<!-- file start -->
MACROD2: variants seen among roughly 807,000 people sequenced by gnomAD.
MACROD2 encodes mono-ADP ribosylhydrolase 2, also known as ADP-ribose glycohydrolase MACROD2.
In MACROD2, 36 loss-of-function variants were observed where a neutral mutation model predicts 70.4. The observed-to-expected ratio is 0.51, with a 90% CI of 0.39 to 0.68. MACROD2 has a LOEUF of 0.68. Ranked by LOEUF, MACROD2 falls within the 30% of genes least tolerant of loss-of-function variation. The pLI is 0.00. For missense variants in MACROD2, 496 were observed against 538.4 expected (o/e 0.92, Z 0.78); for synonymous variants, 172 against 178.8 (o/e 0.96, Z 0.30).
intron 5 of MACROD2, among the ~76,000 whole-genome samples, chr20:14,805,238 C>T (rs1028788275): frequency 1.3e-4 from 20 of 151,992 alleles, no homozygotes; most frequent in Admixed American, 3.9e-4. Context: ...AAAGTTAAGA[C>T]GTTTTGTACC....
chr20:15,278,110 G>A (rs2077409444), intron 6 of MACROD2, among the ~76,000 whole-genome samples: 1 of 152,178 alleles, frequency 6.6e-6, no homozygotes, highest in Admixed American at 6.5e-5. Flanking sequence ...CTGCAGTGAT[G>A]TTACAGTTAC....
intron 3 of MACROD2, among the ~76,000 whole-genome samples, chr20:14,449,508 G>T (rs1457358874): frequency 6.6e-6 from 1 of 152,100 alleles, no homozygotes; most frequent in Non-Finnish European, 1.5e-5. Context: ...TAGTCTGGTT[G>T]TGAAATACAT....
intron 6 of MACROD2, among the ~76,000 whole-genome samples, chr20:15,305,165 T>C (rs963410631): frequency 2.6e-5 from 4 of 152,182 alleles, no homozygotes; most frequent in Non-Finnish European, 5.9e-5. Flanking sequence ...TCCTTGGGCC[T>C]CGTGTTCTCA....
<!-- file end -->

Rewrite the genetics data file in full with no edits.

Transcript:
MACROD2: variants seen among roughly 807,000 people sequenced by gnomAD.
MACROD2 encodes mono-ADP ribosylhydrolase 2, also known as ADP-ribose glycohydrolase MACROD2.
In MACROD2, 36 loss-of-function variants were observed where a neutral mutation model predicts 70.4. The observed-to-expected ratio is 0.51, with a 90% CI of 0.39 to 0.68. MACROD2 has a LOEUF of 0.68. Ranked by LOEUF, MACROD2 falls within the 30% of genes least tolerant of loss-of-function variation. The pLI is 0.00. For missense variants in MACROD2, 496 were observed against 538.4 expected (o/e 0.92, Z 0.78); for synonymous variants, 172 against 178.8 (o/e 0.96, Z 0.30).
intron 5 of MACROD2, among the ~76,000 whole-genome samples, chr20:14,805,238 C>T (rs1028788275): frequency 1.3e-4 from 20 of 151,992 alleles, no homozygotes; most frequent in Admixed American, 3.9e-4. Context: ...AAAGTTAAGA[C>T]GTTTTGTACC....
chr20:15,278,110 G>A (rs2077409444), intron 6 of MACROD2, among the ~76,000 whole-genome samples: 1 of 152,178 alleles, frequency 6.6e-6, no homozygotes, highest in Admixed American at 6.5e-5. Flanking sequence ...CTGCAGTGAT[G>A]TTACAGTTAC....
intron 3 of MACROD2, among the ~76,000 whole-genome samples, chr20:14,449,508 G>T (rs1457358874): frequency 6.6e-6 from 1 of 152,100 alleles, no homozygotes; most frequent in Non-Finnish European, 1.5e-5. Context: ...TAGTCTGGTT[G>T]TGAAATACAT....
intron 6 of MACROD2, among the ~76,000 whole-genome samples, chr20:15,305,165 T>C (rs963410631): frequency 2.6e-5 from 4 of 152,182 alleles, no homozygotes; most frequent in Non-Finnish European, 5.9e-5. Flanking sequence ...TCCTTGGGCC[T>C]CGTGTTCTCA....